This past week included three days of holidays: two federal and one provincial. It was suggested that if I were interested in travelling, this would be a good week to do it. So... after visiting Buenos Aires I headed west to the town of Malargue, home to Pierre Auger Observatory. This facility is massive- 1600 tanks (which detect cosmic ray showers) each separated by 1.5km. The total size is about the size of Rhode Island! Auger doesn't own the land, but leases it from the owners, who are mostly ranchers and farmers.
A friend of mine through QuarkNet had arranged for me to visit the site, and I was given the red carpet treatment when I arrived. Analia, the Outreach Coordinator, started the visit in classic Argentina style: café and pastries with some of the staff! Over the food we chatted a bit about what their individual roles are and how they came to be involved with Auger. Afterwards, Ricardo, one of the senior staff members, gave me the standard tour presentation, and was kind enough to give it in Spanish so I could hear the technical vocabulary.
After the presentation he took me on the behind the scenes tour of the main building.
|The Pierre Auger Control Center.|
|Access vehicle for tricky sites (and no, I didn't get to ride in it)|
Virtually all of the tanks are placed in sites that are hard to access and do not have power available. The solution to run is equipment is to rely on solar power, which is abundant here. The solar panels have to replaced periodically though- this one was damaged by vandals throwing stones.
The solar panels only generate power during the daytime (thanks captain obvious), but the tanks detect particles continuously and need to transmit the data they take back to the control center immediately. The reason for this is because this site generates an immense amount of raw data- too much to store. So the system has to do a quick scan of the raw data to see if an event is "interesting" enough to warrant keeping. Hence the need for the immediate transmission. Anyway, the solution is to use car batteries; two for each tank. With 1600 sites, they keep a lot of spares on hand just in case!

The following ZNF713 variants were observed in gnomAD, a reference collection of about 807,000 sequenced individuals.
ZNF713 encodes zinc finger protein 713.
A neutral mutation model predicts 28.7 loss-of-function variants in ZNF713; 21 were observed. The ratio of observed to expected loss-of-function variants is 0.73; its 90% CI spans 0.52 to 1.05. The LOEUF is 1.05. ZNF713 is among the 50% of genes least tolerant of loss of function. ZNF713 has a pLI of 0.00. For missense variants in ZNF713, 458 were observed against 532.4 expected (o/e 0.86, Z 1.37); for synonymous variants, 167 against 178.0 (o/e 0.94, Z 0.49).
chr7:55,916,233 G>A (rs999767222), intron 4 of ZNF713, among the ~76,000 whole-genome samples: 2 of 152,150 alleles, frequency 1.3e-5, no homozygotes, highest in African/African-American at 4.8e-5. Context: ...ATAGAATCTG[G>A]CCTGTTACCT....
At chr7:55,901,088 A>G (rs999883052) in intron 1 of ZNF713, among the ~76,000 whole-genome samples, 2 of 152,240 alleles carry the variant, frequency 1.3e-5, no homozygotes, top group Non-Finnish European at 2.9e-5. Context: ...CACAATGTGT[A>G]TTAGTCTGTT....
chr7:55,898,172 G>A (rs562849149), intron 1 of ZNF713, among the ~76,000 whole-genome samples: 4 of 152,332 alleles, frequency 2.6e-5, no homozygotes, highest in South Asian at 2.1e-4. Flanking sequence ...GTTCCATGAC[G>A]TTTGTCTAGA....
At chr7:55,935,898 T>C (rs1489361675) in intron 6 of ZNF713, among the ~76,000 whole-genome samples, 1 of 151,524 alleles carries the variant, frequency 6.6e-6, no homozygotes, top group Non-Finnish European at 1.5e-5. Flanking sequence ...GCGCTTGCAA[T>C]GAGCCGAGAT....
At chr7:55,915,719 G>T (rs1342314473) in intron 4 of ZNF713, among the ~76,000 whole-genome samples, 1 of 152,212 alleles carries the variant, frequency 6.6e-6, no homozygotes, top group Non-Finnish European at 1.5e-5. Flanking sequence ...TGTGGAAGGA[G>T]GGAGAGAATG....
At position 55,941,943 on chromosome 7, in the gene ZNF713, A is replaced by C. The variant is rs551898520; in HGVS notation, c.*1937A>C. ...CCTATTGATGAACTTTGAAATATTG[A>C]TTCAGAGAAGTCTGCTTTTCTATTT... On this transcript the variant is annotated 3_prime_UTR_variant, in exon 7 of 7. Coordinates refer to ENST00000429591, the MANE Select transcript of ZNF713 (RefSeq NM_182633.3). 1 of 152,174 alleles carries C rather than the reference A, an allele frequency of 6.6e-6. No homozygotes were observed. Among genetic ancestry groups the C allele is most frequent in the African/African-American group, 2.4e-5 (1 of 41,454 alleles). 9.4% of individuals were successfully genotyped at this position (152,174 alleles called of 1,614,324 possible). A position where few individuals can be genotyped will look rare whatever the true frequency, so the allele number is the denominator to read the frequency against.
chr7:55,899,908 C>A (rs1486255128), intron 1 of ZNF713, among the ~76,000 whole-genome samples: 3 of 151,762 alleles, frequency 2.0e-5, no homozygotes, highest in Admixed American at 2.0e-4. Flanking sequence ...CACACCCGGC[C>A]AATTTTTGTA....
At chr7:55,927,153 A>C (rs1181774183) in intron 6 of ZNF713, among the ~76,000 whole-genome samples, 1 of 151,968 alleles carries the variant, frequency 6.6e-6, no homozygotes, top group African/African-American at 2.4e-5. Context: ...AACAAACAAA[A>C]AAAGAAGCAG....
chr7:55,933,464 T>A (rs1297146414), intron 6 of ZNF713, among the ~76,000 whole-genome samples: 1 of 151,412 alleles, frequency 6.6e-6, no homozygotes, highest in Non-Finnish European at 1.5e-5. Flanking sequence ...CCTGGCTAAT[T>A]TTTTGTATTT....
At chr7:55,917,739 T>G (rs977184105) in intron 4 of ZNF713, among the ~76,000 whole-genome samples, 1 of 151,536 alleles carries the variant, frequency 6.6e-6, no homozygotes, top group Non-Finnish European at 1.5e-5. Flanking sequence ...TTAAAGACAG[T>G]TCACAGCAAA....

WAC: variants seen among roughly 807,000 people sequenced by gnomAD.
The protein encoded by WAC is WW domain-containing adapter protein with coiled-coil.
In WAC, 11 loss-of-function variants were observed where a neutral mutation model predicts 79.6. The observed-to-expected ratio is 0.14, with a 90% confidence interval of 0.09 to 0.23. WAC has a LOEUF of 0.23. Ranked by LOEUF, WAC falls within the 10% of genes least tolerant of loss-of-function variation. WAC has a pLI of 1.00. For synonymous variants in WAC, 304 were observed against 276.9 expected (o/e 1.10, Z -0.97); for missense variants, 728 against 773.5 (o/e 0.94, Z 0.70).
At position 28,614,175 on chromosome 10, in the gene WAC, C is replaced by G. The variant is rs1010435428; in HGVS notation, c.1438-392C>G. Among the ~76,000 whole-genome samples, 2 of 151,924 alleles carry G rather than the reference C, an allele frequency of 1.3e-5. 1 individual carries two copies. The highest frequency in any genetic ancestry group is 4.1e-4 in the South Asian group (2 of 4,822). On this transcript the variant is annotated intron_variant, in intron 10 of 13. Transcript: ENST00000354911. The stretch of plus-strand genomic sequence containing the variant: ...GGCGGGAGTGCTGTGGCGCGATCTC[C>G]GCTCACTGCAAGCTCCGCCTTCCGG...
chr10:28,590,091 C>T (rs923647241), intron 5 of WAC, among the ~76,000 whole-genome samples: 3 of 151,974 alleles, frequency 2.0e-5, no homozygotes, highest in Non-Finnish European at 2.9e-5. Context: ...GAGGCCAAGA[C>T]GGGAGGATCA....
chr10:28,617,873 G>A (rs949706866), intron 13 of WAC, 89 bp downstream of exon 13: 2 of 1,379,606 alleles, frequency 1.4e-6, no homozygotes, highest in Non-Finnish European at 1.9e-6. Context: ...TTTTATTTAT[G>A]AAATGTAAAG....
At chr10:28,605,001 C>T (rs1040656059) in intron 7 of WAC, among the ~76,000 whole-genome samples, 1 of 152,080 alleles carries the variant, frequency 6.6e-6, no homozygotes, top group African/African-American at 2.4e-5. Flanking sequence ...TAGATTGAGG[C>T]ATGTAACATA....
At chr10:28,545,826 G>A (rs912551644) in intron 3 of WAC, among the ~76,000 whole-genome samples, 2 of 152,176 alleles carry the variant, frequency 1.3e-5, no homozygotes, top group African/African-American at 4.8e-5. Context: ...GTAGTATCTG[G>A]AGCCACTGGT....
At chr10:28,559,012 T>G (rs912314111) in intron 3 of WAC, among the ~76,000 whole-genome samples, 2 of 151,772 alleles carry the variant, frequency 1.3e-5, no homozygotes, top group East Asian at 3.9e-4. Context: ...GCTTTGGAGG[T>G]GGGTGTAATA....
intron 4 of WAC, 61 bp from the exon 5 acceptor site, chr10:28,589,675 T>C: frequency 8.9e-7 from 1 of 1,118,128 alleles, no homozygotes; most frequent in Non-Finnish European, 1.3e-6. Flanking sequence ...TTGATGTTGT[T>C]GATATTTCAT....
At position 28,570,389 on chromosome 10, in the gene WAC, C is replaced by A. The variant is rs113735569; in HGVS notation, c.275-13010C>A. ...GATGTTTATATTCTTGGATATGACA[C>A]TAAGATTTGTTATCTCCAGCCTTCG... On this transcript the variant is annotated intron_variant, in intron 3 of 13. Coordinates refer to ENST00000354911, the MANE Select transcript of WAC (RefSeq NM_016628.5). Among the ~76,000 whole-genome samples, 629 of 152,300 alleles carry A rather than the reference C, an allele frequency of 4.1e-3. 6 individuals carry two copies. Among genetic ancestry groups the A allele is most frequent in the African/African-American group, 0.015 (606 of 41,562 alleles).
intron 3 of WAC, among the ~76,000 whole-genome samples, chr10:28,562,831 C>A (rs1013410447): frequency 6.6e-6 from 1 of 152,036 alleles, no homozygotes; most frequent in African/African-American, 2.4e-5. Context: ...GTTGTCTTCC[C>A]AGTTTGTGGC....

|Lots o' batteries|
The tanks themselves are quite large and are filled with water. There are three photomultiplier tubes on the top of the tank which can measure Cherenkov Radiation, which is produced when an eletcromagnetic particle hits the water. For any of you PPG members reading this, it's worth noting that this is a different mechanism than what our muon detector uses. Rather than water, ours uses scintillating plastic, and our PMT's are a little bit different. The concept is similar, but Auger does things on a much larger scale!
|Ricardo posing with a tank that was damaged by a brush fire and brought back from the field.|
After my morning tour I went to the hotel for lunch and then came back in the afternoon to tag along on a site visit with Primo. He was headed out to replace some equipment in one of the large buildings that measures fluorescence. These buildings each house 6 identical parabolic sensors, each pointing in a slightly different direction out over the array.
|Schematic from the observatory|
In the image above each red dot is a tank. The four sites with the green lines radiating outward are the fluorescence detectors. These gather different data than the tanks- not so much events themselves, but related atmospheric data that can be used to help interpret the results of different showers.
We took a truck out to the site: complete with two spare tires and a radio. While in the field the staff are required to check in with the central office periodically to stay abreast of changing weather.
Inside the fluorescence buildings are the 5 fluorescence detectors (FD's). Each one consists of a massive parabolic mirror (constructed in segments) and a camera at the focal point to collect the data.
|Yours truly as reflected in the mirror. This magnificent shot only took 20 or 30 attempts.|
The FD's are protected from sunlight and harsh weather by automated doors. Primo cranked one of the doors open so I could see what the filtering system looks like.
In general, the FD"s only run during the night. If wind speeds rise about 15 km/hr or so, the doors shut to keep the equipment from getting damaged.
Primo was also working on another instrument, which is called the Photometric Robotic Atmospheric Monitor (FRAM, since photometric is spelled with an F in Spanish). It's housed in a separate building, which also opens up at night. He was kind enough to open it up so I could see it in action- it was pretty incredible.
|Primo with FRAM|
The final image I have to share is from the top of the Fluorescence building. I used a timer to take this and was really impressed with how well it turned out, especially given the bright sunlight. You can see how remote this site is- we're pretty far out from Malargue, which is back toward the mountains.
My pictures don't do this place justice. If you want to see more, check out: